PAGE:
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DWI Question: Should I Retest My Blood?


This post is a common question from clients and attorneys.  You have been arrested for DWI, the police take your blood, and then your lawyer gets your blood results back and the piece of paper says your blood alcohol content is above a .08.   Well, if it’s written on a piece of paper that the government printed, it must be right, right? If your lawyer tells you that you must plead because of what a piece of paper says, then you need to fire your lawyer immediately.

There are many ways to fight a blood test.  This post is to argue against the most common way most people think you fight a blood test.  Retesting it.

I have never advised my client to get their blood retested for alcohol content, and I can’t imagine a set of circumstances where I would recommend retesting for alcohol.

Many clients, attorneys, and even some judges think the best way to fight a blood test is to have an independent lab retest your sample.  It makes sense to think that because you only had two to three drinks over a couple of hours that a different test would give a more accurate result.  It is very reasonable to presume there was a problem with the government’s machine and that an independent test would show your precise blood alcohol content.  Unfortunately, as evidenced by the fact that cops can forcibly draw your blood for a class B misdemeanor charge, common sense has little part in this process.

There are a number of reasons not to retest your blood for alcohol content.  The main reason is that the State is entitled to the result under most circumstances.  The only thing worse for your DWI case than having a blood test score over a .08 is to have TWO blood test scores over a .08.  The risk is not worth the reward.  Particularly when you consider the number of many reasons why you test would be over a .08.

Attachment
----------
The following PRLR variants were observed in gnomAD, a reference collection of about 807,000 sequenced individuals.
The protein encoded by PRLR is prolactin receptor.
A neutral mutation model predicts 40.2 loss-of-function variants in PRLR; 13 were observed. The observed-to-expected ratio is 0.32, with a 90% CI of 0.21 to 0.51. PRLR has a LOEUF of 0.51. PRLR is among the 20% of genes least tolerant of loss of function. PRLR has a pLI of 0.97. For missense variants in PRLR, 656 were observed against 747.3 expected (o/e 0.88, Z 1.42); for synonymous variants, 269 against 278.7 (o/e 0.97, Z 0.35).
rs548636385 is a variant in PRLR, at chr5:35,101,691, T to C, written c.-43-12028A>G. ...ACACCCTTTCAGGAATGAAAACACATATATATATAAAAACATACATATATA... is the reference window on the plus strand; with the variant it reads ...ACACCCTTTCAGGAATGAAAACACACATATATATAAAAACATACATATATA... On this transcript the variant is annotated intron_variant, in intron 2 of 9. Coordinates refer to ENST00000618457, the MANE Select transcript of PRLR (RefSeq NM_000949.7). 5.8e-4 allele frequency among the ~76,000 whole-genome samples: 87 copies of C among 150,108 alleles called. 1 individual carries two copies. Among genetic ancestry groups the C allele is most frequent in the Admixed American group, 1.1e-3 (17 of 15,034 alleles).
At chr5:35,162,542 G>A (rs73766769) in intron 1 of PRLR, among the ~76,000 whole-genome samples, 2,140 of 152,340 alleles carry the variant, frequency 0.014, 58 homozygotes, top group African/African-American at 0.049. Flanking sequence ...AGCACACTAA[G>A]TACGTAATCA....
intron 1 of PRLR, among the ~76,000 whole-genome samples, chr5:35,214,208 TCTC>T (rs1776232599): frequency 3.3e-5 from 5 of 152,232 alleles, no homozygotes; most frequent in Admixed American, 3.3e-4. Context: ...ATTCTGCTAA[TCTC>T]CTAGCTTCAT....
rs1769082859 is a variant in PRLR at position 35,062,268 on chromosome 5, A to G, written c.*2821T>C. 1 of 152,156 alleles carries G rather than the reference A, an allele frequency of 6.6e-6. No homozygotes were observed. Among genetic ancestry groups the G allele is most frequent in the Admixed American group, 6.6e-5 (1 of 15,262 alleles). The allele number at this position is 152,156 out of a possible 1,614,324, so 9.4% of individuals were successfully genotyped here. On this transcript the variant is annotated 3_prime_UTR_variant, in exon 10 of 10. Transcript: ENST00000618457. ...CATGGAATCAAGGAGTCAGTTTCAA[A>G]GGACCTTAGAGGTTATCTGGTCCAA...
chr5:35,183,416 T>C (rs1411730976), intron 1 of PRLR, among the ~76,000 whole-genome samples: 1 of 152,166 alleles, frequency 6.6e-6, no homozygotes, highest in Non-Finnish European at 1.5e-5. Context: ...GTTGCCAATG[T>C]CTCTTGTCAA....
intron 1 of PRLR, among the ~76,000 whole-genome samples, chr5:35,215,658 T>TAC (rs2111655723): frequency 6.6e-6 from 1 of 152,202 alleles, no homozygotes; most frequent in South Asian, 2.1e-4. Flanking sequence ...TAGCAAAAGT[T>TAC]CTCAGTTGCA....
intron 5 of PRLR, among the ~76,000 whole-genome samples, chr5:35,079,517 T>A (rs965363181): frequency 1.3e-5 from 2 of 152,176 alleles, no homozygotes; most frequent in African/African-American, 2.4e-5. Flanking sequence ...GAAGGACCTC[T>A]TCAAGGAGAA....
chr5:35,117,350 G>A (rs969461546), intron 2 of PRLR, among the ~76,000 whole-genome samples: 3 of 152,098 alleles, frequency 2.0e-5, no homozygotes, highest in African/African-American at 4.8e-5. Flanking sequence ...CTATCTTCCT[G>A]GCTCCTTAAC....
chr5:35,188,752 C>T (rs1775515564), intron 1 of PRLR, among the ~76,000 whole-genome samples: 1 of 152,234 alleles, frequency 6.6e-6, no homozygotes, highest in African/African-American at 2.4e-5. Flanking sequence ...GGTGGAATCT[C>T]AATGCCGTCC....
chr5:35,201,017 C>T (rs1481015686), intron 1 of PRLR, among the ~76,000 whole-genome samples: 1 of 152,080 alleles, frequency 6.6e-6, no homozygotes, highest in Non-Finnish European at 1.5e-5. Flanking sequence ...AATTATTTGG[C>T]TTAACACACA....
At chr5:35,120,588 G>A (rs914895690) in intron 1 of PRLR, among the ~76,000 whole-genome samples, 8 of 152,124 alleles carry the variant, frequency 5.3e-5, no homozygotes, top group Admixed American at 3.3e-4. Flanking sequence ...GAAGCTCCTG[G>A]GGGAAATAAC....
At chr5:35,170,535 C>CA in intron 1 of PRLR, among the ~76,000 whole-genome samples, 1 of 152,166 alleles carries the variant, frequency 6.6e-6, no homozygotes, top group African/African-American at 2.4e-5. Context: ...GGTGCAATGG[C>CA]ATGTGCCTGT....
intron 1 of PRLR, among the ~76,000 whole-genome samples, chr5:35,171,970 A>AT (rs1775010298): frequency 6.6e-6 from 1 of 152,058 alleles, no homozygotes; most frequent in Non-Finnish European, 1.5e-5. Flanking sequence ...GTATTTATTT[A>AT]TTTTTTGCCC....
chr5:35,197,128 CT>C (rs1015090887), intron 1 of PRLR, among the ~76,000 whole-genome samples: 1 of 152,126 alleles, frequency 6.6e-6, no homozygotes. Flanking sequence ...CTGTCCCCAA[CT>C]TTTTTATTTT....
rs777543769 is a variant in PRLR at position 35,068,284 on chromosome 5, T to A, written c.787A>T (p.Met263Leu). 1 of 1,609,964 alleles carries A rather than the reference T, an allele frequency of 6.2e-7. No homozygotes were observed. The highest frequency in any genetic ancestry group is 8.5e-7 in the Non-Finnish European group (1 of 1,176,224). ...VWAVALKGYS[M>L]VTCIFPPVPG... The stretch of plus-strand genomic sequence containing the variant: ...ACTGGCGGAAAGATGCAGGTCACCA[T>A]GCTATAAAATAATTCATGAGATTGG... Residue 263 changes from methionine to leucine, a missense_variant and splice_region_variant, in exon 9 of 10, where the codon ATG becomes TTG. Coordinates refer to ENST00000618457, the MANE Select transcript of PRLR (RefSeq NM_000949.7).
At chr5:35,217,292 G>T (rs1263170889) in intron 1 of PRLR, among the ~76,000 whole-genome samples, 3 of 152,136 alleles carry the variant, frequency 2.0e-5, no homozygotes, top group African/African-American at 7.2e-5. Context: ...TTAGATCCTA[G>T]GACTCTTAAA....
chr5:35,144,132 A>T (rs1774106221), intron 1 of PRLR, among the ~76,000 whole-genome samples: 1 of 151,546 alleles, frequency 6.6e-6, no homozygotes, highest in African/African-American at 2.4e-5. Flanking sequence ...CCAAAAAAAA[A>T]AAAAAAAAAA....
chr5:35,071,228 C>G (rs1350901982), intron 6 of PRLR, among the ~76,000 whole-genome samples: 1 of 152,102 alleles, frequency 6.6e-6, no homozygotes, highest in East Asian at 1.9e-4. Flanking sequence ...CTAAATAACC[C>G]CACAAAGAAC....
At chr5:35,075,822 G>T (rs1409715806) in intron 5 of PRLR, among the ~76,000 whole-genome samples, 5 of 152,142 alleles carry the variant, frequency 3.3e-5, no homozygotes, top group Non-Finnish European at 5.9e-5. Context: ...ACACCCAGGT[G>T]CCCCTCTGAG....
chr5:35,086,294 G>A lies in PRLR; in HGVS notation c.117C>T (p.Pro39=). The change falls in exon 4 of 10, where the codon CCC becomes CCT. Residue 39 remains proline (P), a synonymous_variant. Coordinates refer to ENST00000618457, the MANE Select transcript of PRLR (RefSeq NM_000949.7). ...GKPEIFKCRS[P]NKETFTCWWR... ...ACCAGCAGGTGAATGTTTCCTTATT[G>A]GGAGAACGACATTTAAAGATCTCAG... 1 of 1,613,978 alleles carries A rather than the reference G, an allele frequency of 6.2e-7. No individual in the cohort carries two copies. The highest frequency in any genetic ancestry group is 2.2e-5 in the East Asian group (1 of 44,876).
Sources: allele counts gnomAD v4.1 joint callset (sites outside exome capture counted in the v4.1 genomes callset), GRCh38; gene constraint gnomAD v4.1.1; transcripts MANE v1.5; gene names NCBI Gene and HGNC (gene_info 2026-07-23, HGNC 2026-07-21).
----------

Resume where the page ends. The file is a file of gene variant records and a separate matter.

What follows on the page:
Even if your lawyer is able to secure a Protective Order to keep the State from obtaining the retest (very unlikely), the likelihood of the retest score being lower than the original test is very remote.   Instead, if you believe that there is a large disparity between the test result and what you had to drink, then it is very possible that you have a (for lack of a better word) contaminated sample.  If your sample is contaminated, retesting it will not prove anything.  The question then becomes, how did the blood get contaminated?

Before you hire your DWI lawyer, you must ask him/her, how could my blood be contaminated? If they don’t have at least a couple of the following answers, you better hire someone who knows what they are doing.  Here is a short list, that is not exhaustive, of problems that could occur prior to your blood being tested that can greatly affect your blood test result:

  1. expired blood kit
  2. improperly stored blood kit (how hot does it get in the summer in the trunk of a cop car?)
  3. use of an alcohol based swab to prep for the draw
  4. incorrect swabbing technique
  5. wrong blood collection tube
  6. expired blood collection tube
  7. wrong sized needle
  8. length of time patient has tourniquet
  9. improper storage of blood
  10. improper mixture of blood and anticoagulant

This is just a sample of things that can go wrong before the blood is tested. A lawyer who handles these types of cases has to know these problems and has to be able to show they occurred.  How can your lawyer show the problems if he/she doesn’t even know what the problems are and why they pose a problem?  If any of these things occurred,  retesting your blood would not help you.  The problem has already contaminated a sample and you would be wasting your money.